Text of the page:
Here’s an odd little bit of math for you this Sunday. It’s defined in terms of recurrence. Recurrence happens when a function is defined in terms of itself. This happens more than you might think – one famous example is the Fibonacci sequence, which is informally defined by saying “To get the next term in the sequence, add the previous two terms together. The first two terms are 1 and 1.” And so you can calculate that the sequence is {1, 1, 2, 3, 5, 8, 13, 21…} and so forth. That sequence turns out to show up in various odd places in math and science, and recursively defined sequences are actually pretty common in physics. This one isn’t, as far as I know. It seems to have been discovered in 2003 by students at Stephen Wolfram’s NKS Summer School – more on that later. The sequence is defined thus:

This needs an initial value along the lines of the Fibonacci sequence “The first two terms are 1 and 1″, and in this case the initial value for the sequence is a(1) = 7. Thus a(2), the second term of the sequence, is equal to a(1) + gcd(2, a(1)).

Here “gcd” refers to the greatest common divisor function. It gives the largest integer that evenly divides the numbers you feed into the function. For instance gcd(18, 12) = 6, because both 18 and 12 can be divided evenly by 6. They can also both be divided by several other numbers, but 6 is the *greatest* common divisor. So since a(1) = 7 and gcd(2,7) is 1, a(2) = 7 + 1 = 8.

If we calculate the first 50 terms in the sequence, we’ll find that they are: 7, 8, 9, 10, 15, 18, 19, 20, 21, 22, 33, 36, 37, 38, 39, 40, 41, 42, 43, 44, 45, 46, 69, 72, 73, 74, 75, 76, 77, 78, 79, 80, 81, 82, 83, 84, 85, 86, 87, 88, 89, 90, 91, 92, 93, 94, 141, 144, 145, and 150. If we look at the difference between successive terms, ie, between 7 and 8, between 8 and 9, between 94 and 141 and so forth, we find this daughter sequence: {1, 1, 1, 5, 3, 1, 1, 1, 1, 11, 3, 1, 1, 1, 1, 1, 1, 1, 1, 1, 1, 23, 3, 1, 1, 1, 1, 1, 1, 1, 1, 1, 1, 1, 1, 1, 1, 1, 1, 1, 1, 1, 1, 1, 1, 47, 3, 1}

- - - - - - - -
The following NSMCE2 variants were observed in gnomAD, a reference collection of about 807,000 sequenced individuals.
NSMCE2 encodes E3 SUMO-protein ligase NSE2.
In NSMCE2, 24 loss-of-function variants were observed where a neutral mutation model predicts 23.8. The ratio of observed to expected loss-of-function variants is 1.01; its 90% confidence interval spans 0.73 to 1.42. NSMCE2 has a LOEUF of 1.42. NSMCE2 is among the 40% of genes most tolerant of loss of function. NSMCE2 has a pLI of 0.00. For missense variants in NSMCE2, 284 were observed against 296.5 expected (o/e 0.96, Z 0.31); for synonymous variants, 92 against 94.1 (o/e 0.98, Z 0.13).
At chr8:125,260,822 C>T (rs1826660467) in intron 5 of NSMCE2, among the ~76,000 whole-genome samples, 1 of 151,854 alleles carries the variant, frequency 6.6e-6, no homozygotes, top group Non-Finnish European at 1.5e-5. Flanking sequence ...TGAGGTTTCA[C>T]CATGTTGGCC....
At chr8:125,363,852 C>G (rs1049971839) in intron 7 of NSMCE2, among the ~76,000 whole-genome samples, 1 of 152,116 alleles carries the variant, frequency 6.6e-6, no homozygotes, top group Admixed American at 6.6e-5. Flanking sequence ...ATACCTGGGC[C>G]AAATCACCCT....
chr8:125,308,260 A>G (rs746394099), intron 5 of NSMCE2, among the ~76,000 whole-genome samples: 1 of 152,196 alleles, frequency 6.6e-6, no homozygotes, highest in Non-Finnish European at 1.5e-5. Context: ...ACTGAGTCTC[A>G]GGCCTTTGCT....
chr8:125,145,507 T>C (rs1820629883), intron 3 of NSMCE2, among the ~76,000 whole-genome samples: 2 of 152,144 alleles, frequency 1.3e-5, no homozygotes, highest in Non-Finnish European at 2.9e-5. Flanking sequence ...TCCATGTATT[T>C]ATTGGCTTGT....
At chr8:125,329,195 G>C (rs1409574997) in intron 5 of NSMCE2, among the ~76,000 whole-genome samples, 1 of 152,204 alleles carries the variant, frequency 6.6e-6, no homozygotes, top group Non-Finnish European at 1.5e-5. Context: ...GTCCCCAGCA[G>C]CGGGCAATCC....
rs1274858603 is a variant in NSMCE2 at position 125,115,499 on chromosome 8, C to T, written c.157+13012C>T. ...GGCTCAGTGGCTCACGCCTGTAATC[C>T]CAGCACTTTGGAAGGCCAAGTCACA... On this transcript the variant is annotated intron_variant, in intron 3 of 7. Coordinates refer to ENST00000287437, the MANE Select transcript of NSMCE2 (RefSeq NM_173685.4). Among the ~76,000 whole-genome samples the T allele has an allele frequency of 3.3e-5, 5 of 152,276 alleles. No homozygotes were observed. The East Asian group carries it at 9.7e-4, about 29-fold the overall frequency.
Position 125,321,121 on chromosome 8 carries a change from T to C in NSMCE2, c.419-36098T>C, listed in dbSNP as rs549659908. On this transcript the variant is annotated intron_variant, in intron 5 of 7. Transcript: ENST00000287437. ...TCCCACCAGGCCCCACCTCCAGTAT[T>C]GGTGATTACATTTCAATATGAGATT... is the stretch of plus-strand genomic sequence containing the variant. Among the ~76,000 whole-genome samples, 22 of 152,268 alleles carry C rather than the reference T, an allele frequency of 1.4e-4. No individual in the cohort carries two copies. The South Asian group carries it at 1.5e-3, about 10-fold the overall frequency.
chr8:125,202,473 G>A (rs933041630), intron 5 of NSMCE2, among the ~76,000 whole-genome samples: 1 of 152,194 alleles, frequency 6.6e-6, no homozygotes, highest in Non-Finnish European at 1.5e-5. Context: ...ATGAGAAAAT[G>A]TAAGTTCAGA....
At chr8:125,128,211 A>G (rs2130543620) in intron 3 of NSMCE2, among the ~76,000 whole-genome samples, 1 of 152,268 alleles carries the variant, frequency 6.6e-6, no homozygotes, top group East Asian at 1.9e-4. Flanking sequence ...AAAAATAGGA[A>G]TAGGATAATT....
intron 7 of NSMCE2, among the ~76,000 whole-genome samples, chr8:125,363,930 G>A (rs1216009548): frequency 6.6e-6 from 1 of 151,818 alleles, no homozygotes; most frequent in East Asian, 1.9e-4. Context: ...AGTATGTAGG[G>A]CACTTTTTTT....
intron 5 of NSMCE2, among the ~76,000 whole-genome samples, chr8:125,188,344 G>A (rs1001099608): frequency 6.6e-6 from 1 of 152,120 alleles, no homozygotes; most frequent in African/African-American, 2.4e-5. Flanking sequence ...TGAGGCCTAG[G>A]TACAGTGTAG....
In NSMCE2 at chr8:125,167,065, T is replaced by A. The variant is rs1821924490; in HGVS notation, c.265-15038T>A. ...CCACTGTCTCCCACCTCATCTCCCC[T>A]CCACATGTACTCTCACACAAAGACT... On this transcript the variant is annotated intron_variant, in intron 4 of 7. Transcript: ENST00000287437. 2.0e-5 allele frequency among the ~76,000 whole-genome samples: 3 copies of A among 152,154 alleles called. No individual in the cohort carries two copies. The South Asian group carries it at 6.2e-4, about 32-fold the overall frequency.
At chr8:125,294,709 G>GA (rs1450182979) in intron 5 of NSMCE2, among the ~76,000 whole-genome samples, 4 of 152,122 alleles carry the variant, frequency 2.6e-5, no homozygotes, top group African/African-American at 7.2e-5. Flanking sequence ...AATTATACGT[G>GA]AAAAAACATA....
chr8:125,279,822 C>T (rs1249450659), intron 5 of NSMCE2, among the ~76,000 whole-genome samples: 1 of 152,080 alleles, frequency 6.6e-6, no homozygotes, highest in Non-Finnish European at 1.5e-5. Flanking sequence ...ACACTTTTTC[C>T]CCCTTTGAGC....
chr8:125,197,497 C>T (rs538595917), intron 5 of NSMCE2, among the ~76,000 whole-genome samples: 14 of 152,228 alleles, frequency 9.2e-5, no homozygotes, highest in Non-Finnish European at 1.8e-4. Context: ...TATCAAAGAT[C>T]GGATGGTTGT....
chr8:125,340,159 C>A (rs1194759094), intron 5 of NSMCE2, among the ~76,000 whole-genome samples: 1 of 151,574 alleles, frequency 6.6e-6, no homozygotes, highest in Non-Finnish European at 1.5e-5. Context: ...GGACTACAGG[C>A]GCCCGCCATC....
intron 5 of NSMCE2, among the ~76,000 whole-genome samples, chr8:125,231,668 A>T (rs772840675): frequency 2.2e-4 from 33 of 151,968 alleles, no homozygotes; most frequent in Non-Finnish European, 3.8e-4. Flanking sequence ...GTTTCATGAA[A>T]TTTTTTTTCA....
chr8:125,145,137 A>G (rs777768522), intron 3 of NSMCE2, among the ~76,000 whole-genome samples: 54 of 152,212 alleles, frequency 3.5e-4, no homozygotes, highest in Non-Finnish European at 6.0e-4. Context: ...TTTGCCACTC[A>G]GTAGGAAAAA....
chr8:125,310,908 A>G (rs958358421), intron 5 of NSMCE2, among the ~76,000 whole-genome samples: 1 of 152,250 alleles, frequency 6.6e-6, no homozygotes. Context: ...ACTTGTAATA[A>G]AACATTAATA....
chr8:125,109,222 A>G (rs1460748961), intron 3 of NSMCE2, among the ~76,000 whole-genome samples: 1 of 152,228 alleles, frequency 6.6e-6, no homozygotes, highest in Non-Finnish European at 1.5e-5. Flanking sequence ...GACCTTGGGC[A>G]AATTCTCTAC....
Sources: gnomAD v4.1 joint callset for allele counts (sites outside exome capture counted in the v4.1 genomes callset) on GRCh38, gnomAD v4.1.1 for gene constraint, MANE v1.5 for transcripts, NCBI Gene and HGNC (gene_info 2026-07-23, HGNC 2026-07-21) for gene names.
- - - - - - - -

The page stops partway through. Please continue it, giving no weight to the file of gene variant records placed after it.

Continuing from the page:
It appears to be composed mostly of 1s, with a few others thrown in for good measure. But all the ones thrown in seem to be prime numbers. I won’t bore you by printing out some absurd number of terms in the sequence, but it will continue to be true. Eric Rowland proved recently that this sequence generates only 1s and primes. The length of the strings of 1s tends to grow larger as you go out, and the primes generated tend to be higher and higher, however it is not yet known whether this sequence eventually generates all the primes. The behavior of this sequence for initial conditions other than a(1) = 7 is not entirely explored. For some other conditions the sequence strictly generates 1s and primes, for others it generates composite numbers before possibly settling down into 1s and primes behavior – but this has not yet been proved.

Here’s a figure (from Rowland’s paper) which plots the jth occurrence of a non-1 value on the x-axis with the n required to get that value on the y-axis. Lots of regularity, and *lots* of 1s. Fortunately there’s computational shortcuts you can take, as the length of the sequences of 1s is predictable in advance:

There’s not much practical use for this. If you want to generate a list of primes, there’s vastly more efficient ways. Nonetheless, it’s an interesting fact. I suggest reading the Rowland paper for more info, as it’s not technically difficult at all.

Now about the fact that this was discovered at the NKS School. Stephen Wolfram is a brilliant guy who most physics and math types think went off the rails with his idea that pretty much everything in physics is really computational in nature. I tend to agree with his critics, not because I (or they) have anything against computation but because so far the idea doesn’t really make any predictions and therefore isn’t testable. But of course computation is an interesting study in its own right and for all we know it could eventually turn out to have deep relevance in physics. To his credit though, it is certainly possible to discover interesting things by looking at the behavior of simple computational systems. This is one of those interesting things.